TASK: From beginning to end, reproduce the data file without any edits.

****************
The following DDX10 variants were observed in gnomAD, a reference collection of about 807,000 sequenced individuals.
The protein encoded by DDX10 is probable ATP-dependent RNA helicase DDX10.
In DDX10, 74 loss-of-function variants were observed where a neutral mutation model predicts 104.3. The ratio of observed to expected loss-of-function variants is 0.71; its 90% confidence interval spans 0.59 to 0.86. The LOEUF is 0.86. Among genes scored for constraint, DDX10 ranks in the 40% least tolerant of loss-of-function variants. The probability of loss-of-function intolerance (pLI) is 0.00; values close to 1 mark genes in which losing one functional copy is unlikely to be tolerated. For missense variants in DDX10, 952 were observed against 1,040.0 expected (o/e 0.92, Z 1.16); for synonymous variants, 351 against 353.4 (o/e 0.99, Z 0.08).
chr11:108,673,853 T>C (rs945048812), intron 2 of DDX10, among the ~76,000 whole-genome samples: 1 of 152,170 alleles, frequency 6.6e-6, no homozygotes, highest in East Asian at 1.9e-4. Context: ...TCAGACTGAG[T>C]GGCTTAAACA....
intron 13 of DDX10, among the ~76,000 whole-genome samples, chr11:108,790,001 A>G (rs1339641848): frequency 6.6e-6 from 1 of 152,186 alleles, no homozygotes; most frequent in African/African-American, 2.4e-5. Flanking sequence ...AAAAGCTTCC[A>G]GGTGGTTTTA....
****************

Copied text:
The following DDX10 variants were observed in gnomAD, a reference collection of about 807,000 sequenced individuals.
The protein encoded by DDX10 is probable ATP-dependent RNA helicase DDX10.
In DDX10, 74 loss-of-function variants were observed where a neutral mutation model predicts 104.3. The ratio of observed to expected loss-of-function variants is 0.71; its 90% confidence interval spans 0.59 to 0.86. The LOEUF is 0.86. Among genes scored for constraint, DDX10 ranks in the 40% least tolerant of loss-of-function variants. The probability of loss-of-function intolerance (pLI) is 0.00; values close to 1 mark genes in which losing one functional copy is unlikely to be tolerated. For missense variants in DDX10, 952 were observed against 1,040.0 expected (o/e 0.92, Z 1.16); for synonymous variants, 351 against 353.4 (o/e 0.99, Z 0.08).
chr11:108,673,853 T>C (rs945048812), intron 2 of DDX10, among the ~76,000 whole-genome samples: 1 of 152,170 alleles, frequency 6.6e-6, no homozygotes, highest in East Asian at 1.9e-4. Context: ...TCAGACTGAG[T>C]GGCTTAAACA....
intron 13 of DDX10, among the ~76,000 whole-genome samples, chr11:108,790,001 A>G (rs1339641848): frequency 6.6e-6 from 1 of 152,186 alleles, no homozygotes; most frequent in African/African-American, 2.4e-5. Flanking sequence ...AAAAGCTTCC[A>G]GGTGGTTTTA....